Criteria for Surgery
Q: Who is a candidate for bariatric surgery?
A: Insurance companies usually approve patients with a BMI greater than 35 with significant weight-related comorbidities (hypertension, sleep apnea, diabetes, high cholesterol, etc..) or a BMI greater than 40, regardless of medical issues. Use calculator below to see your BMI.
Supplied by BMI Calculator USA
Q: Will those criteria be enough for surgery to approved?
A: It really depends on your insurance company. Some insurance companies ask for your historical weights, others want you to be involved with nutritional counseling for a few months before surgery is approved. The easiest way to figure this out is to call your insurance company and ask for their criteria. Use the calculator to see your BMI.
Q: How long does a work-up take to complete prior to surgery?
A: These work-ups may take 6 weeks to 3 months, depending on any additional testing that is required. This is a much more comprehensive work-up than would be required for other types of abdominal surgeries. Most patients will been seen by their primary care doctor, cardiologist, and pulmonologist depending on sleep study results.
Hospital Stay and Complications
Q: How long does the surgery take to perform?
A: Gastric Bypass usually takes about 2 hours, a Lap Sleeve Gastrectomy takes about an hour, and an Adjustable gastric band is also about an hour to complete. These are estimates, prior surgeries can affect the O.R. time greatly.
Q: How long should I expect to be in the hospital?
A: Expected hospital stay is overnight, although occasionally patients stay longer.
Q: What are the major risks of surgery?
A: As with any surgery, bleeding and infection are inherent risks, but these are rare. The most serious risks specific to bariatric surgery are staple line leaks and DVT/PE (blood clots). Patients who are overweight and sedentary have a higher likelihood of developing blood clots after surgery, regardless of the type of surgery. Adjustable gastric band surgery has its own inherent risks beyond what is mentioned here, the best advice is to talk to your doctor. Attending the pre-op class helps address these risks.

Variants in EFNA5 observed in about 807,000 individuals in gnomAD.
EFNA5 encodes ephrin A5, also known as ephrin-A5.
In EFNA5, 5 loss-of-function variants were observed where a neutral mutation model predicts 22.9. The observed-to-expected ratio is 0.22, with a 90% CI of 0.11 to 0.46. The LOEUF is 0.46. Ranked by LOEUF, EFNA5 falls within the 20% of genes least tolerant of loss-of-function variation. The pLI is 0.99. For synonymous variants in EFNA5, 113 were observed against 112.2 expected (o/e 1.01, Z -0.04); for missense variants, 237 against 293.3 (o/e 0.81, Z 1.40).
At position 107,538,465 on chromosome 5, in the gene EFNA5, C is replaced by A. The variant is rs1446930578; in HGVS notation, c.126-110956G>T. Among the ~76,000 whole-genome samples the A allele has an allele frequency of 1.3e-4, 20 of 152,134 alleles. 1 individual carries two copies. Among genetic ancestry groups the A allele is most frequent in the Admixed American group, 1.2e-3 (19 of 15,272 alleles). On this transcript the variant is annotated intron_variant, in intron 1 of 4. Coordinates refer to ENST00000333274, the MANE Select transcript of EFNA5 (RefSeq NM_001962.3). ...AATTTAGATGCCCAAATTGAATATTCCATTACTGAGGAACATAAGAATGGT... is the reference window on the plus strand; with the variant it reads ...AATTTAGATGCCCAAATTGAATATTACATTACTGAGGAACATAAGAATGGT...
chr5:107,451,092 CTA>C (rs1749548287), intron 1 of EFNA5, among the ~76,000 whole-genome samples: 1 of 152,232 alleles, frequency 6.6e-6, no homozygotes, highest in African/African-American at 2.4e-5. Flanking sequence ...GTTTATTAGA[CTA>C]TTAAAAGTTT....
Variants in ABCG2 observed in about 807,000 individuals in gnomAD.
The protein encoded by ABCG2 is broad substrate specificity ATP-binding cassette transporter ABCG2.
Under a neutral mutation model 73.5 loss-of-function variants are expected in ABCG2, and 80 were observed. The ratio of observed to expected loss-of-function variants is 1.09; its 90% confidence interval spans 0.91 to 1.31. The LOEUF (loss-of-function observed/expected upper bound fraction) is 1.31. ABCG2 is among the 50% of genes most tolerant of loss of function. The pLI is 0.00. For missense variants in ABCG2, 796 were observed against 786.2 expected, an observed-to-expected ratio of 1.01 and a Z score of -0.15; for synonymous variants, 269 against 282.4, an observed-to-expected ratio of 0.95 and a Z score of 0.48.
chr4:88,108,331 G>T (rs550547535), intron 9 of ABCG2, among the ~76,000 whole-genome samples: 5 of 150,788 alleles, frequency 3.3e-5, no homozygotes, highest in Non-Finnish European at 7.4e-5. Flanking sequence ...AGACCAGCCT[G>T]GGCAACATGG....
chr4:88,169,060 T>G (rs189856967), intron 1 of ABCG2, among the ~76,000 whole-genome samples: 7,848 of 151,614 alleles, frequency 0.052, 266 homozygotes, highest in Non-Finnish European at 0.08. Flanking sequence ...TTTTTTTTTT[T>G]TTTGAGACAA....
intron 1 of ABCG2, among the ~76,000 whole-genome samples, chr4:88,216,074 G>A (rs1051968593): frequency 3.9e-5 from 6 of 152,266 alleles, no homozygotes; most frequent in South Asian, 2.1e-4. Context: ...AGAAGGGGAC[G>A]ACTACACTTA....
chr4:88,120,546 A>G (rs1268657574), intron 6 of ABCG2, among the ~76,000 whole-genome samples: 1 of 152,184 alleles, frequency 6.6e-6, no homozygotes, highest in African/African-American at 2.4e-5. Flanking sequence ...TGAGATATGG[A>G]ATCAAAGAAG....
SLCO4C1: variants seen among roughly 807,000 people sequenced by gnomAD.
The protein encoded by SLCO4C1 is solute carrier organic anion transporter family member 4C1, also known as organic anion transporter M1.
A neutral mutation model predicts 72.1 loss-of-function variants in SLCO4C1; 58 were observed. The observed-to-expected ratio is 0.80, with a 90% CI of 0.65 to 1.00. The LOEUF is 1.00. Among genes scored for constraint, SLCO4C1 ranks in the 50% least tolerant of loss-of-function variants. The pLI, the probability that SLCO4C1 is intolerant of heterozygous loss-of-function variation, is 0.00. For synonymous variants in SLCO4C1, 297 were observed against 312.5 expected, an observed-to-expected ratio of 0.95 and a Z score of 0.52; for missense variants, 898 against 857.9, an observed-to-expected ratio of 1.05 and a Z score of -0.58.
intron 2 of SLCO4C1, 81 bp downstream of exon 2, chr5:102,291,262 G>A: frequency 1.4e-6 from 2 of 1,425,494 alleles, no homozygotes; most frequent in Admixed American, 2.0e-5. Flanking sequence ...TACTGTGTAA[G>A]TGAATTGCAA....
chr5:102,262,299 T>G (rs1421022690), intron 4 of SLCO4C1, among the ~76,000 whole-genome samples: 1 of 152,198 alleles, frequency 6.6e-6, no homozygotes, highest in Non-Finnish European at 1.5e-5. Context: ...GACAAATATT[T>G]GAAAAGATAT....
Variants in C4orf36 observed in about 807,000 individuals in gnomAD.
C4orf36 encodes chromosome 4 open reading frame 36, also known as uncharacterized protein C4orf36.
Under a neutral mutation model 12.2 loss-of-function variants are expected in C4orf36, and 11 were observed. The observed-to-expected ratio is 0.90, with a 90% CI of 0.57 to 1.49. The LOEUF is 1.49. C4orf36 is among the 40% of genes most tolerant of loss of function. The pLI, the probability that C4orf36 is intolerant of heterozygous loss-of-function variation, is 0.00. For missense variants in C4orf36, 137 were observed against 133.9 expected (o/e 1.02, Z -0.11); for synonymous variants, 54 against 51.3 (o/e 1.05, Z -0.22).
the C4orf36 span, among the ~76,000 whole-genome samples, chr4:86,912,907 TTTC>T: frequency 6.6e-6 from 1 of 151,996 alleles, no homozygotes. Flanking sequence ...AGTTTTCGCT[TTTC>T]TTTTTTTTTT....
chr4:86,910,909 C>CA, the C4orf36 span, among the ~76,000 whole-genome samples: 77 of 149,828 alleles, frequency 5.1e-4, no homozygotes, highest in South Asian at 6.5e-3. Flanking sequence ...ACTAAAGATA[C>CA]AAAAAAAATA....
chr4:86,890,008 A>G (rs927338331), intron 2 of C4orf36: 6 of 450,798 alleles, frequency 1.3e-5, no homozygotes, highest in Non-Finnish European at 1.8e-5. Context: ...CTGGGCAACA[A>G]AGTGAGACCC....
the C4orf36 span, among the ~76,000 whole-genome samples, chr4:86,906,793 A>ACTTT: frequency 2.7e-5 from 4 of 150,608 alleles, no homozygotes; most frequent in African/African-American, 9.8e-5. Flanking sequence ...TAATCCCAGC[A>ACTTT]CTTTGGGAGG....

Q: What is a staple line leak? How can it be prevented?
A: When the stomach is partitioned (separated) in bypass surgery or removed in Sleeve surgery, a stapling mechanism is used to seal the remaining stomach. If this seal is broken and leakage occurs, it must be addressed promptly. A staple line leak can occur because of mechanical dysfunction of the stapler, patient non-compliance (over-eating), and other reasons. Luckily, this is a very rare occurrence in modern bariatric practice and we are very good at treating this problem.
Q: How are staple line leaks treated?
A: For Sleeve surgery, most patients are treated with a 'Stent' placed endoscopically (non-surgical treatment). This is placed until the leaky area of the staple line heals. It essentially walls off the leak. In bypass surgery, treatment is more complicated and is related to the actual area of leak (there are multiple staple lines in bypass surgery). Usually, however, re-operation is necessary for a leak in bypass surgery.
Q: How can blood clots be prevented or treated?
A: We place everyone on subcutaneous heparin injections for two weeks after surgery to minimize the chances of significant blood clots. For patients at extremely high risk, we may recommend a prophylactic vena cava filter. For treatment, we usually ask the patient to be on a few months of anticoagulation after a DVT (a vein clot) is diagnosed, depending on the location of the DVT. Other interventions include compression stockings while in the hospital and a foot exercise called the "feet alphabet" which helps increase circulation in the legs (where clots usually start). All patients are up walking laps while in the hospital as well. Dr. Balsama sends his patient home on a medication for two weeks that also prevent blood clots.
Vitamins and Supplements
Q: How common are vitamin deficiencies after bariatric surgery?
A: Fairly uncommon, especially with Lap Sleeve Gastrectomy. Bypass patients have a slightly higher incidence of vitamin and mineral deficiency, due to the bypassed duodenum (where Iron and Calcium are normally absorbed).
Q: What vitamins are recommended after surgery?
A. There are many commercial bariatric vitamin formulations on the market. We don’t promote one company over another. We will, however, direct to choose an appropriate, easily dissolvable supplement with the correct amounts of vitamin and mineral dosages. All patients will require a multivitamin with iron, Vitamin B12 and calcium. Our nurse or dietitian will review these recommendations with you.